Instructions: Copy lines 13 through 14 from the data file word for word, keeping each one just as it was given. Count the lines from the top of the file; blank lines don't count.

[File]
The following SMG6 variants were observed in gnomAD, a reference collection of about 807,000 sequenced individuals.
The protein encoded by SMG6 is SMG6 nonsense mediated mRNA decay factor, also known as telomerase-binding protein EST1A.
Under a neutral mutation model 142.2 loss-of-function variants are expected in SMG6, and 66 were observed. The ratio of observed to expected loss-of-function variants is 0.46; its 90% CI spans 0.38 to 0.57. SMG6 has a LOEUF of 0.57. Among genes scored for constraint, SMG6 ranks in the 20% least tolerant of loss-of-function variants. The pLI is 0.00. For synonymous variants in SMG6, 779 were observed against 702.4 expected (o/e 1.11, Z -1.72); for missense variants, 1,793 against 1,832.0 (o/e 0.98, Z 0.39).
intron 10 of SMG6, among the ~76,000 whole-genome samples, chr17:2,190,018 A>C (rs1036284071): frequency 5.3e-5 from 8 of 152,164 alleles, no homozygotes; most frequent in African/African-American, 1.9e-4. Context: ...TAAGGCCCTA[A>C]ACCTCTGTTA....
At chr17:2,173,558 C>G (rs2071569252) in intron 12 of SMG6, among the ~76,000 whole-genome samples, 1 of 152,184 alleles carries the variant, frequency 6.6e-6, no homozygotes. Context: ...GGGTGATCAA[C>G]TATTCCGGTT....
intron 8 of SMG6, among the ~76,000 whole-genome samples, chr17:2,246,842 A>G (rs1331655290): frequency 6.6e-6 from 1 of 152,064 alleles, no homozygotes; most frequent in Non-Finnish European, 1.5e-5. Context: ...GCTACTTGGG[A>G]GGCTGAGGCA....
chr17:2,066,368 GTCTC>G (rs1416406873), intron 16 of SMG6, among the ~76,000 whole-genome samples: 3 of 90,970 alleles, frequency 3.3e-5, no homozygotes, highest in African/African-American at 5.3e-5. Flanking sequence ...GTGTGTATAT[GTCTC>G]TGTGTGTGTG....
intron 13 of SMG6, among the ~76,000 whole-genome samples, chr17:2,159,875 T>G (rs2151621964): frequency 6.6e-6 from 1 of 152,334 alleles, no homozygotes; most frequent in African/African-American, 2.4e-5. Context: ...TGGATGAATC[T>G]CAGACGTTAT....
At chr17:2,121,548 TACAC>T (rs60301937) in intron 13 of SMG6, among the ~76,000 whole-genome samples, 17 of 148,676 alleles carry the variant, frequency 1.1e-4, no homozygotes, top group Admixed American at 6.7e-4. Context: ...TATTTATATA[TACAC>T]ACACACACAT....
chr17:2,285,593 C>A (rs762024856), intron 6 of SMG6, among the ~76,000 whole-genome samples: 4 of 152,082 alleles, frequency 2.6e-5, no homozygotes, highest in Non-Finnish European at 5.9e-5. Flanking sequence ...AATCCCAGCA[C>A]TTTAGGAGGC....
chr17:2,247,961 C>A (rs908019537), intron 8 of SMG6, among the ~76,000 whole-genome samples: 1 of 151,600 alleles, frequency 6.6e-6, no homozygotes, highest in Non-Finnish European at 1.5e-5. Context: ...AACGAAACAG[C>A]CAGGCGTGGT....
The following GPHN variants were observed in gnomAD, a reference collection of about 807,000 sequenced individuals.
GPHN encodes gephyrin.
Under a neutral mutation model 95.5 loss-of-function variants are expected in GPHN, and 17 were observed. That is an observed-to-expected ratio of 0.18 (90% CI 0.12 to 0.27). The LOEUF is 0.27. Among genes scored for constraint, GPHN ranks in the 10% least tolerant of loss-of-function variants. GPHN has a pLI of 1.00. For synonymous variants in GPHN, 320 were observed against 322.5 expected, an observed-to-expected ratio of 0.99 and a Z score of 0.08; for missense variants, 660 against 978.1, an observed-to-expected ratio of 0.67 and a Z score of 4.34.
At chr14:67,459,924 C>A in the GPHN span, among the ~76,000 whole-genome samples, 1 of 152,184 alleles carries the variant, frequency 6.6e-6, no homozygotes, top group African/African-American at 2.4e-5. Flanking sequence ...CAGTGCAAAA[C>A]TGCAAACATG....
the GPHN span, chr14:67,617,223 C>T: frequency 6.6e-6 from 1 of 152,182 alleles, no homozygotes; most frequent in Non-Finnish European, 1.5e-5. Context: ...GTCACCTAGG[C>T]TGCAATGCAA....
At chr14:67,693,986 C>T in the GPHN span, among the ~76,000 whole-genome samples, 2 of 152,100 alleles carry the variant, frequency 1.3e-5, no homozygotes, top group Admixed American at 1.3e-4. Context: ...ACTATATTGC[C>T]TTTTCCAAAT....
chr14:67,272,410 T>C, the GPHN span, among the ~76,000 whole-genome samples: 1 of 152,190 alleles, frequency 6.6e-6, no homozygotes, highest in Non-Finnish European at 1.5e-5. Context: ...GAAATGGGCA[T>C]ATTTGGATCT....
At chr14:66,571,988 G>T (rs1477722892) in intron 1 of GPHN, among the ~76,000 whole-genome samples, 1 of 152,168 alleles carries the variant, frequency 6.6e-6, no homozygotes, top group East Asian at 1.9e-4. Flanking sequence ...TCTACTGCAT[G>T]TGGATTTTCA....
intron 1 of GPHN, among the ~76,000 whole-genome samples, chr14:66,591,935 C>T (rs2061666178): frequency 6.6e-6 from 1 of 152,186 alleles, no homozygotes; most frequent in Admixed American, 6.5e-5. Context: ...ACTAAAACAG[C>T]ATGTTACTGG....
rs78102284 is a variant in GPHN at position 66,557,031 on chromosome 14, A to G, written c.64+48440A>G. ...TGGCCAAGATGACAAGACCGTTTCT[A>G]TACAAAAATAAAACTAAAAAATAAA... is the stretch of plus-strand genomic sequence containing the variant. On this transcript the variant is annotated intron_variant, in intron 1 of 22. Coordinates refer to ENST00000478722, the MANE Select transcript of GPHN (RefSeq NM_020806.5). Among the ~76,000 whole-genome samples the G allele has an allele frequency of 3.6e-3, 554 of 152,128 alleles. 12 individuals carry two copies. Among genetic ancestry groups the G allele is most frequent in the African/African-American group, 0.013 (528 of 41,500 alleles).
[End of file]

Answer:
GPHN encodes gephyrin.
Under a neutral mutation model 95.5 loss-of-function variants are expected in GPHN, and 17 were observed. That is an observed-to-expected ratio of 0.18 (90% CI 0.12 to 0.27). The LOEUF is 0.27. Among genes scored for constraint, GPHN ranks in the 10% least tolerant of loss-of-function variants. GPHN has a pLI of 1.00. For synonymous variants in GPHN, 320 were observed against 322.5 expected, an observed-to-expected ratio of 0.99 and a Z score of 0.08; for missense variants, 660 against 978.1, an observed-to-expected ratio of 0.67 and a Z score of 4.34.